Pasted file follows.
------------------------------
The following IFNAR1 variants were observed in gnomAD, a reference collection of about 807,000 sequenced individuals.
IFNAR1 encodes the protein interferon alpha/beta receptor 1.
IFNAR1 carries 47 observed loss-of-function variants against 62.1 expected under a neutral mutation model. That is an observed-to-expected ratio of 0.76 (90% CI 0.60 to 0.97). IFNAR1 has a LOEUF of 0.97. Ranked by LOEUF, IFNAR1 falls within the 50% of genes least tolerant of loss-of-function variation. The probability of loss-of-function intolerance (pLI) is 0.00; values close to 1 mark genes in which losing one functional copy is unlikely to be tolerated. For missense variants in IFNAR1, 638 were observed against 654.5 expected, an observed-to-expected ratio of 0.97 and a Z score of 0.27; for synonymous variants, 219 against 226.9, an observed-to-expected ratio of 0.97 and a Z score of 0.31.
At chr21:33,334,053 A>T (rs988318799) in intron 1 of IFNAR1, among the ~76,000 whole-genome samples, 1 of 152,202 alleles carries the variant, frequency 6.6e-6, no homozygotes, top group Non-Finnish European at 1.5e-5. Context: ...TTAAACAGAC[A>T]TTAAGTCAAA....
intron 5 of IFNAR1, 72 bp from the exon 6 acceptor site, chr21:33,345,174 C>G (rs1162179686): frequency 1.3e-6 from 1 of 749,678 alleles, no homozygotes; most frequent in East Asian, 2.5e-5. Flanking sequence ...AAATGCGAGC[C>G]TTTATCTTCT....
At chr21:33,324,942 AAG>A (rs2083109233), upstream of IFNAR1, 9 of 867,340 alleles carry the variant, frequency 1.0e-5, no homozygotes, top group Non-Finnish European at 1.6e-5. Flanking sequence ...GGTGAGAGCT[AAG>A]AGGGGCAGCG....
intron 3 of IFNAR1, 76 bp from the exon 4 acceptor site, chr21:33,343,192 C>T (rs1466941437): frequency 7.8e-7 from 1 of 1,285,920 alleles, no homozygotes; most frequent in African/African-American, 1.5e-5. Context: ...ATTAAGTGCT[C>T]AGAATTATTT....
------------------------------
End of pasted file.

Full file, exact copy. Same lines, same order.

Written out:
The following IFNAR1 variants were observed in gnomAD, a reference collection of about 807,000 sequenced individuals.
IFNAR1 encodes the protein interferon alpha/beta receptor 1.
IFNAR1 carries 47 observed loss-of-function variants against 62.1 expected under a neutral mutation model. That is an observed-to-expected ratio of 0.76 (90% CI 0.60 to 0.97). IFNAR1 has a LOEUF of 0.97. Ranked by LOEUF, IFNAR1 falls within the 50% of genes least tolerant of loss-of-function variation. The probability of loss-of-function intolerance (pLI) is 0.00; values close to 1 mark genes in which losing one functional copy is unlikely to be tolerated. For missense variants in IFNAR1, 638 were observed against 654.5 expected, an observed-to-expected ratio of 0.97 and a Z score of 0.27; for synonymous variants, 219 against 226.9, an observed-to-expected ratio of 0.97 and a Z score of 0.31.
At chr21:33,334,053 A>T (rs988318799) in intron 1 of IFNAR1, among the ~76,000 whole-genome samples, 1 of 152,202 alleles carries the variant, frequency 6.6e-6, no homozygotes, top group Non-Finnish European at 1.5e-5. Context: ...TTAAACAGAC[A>T]TTAAGTCAAA....
intron 5 of IFNAR1, 72 bp from the exon 6 acceptor site, chr21:33,345,174 C>G (rs1162179686): frequency 1.3e-6 from 1 of 749,678 alleles, no homozygotes; most frequent in East Asian, 2.5e-5. Flanking sequence ...AAATGCGAGC[C>G]TTTATCTTCT....
At chr21:33,324,942 AAG>A (rs2083109233), upstream of IFNAR1, 9 of 867,340 alleles carry the variant, frequency 1.0e-5, no homozygotes, top group Non-Finnish European at 1.6e-5. Flanking sequence ...GGTGAGAGCT[AAG>A]AGGGGCAGCG....
intron 3 of IFNAR1, 76 bp from the exon 4 acceptor site, chr21:33,343,192 C>T (rs1466941437): frequency 7.8e-7 from 1 of 1,285,920 alleles, no homozygotes; most frequent in African/African-American, 1.5e-5. Context: ...ATTAAGTGCT[C>T]AGAATTATTT....